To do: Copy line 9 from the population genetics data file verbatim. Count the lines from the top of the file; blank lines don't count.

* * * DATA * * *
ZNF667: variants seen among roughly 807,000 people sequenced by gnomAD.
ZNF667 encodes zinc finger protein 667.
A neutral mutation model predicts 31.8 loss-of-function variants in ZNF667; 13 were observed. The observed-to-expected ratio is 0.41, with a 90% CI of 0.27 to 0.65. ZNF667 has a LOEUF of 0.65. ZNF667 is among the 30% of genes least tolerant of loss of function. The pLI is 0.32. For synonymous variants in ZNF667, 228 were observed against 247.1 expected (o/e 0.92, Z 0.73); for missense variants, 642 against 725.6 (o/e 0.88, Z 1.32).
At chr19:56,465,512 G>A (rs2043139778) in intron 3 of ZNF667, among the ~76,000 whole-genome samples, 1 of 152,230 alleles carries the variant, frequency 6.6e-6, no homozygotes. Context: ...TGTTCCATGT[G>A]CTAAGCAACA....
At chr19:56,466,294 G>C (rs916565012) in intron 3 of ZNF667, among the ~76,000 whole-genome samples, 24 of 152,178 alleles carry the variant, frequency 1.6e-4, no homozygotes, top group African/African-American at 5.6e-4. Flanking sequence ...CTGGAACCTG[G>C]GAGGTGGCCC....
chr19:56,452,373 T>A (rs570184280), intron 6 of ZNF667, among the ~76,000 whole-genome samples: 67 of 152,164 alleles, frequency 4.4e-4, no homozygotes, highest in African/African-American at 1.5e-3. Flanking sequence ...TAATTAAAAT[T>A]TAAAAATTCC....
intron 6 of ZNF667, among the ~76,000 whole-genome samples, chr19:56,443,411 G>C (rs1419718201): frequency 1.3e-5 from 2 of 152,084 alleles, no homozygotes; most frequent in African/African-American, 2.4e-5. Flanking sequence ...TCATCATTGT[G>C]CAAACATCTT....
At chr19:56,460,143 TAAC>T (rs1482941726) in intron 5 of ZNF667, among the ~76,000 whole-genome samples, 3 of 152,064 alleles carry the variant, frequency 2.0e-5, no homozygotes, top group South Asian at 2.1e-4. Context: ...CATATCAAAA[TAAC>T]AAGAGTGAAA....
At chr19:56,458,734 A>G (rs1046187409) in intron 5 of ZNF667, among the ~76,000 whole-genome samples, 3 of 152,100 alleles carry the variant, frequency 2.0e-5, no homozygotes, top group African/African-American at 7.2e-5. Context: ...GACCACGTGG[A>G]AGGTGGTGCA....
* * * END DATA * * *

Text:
At chr19:56,458,734 A>G (rs1046187409) in intron 5 of ZNF667, among the ~76,000 whole-genome samples, 3 of 152,100 alleles carry the variant, frequency 2.0e-5, no homozygotes, top group African/African-American at 7.2e-5. Context: ...GACCACGTGG[A>G]AGGTGGTGCA....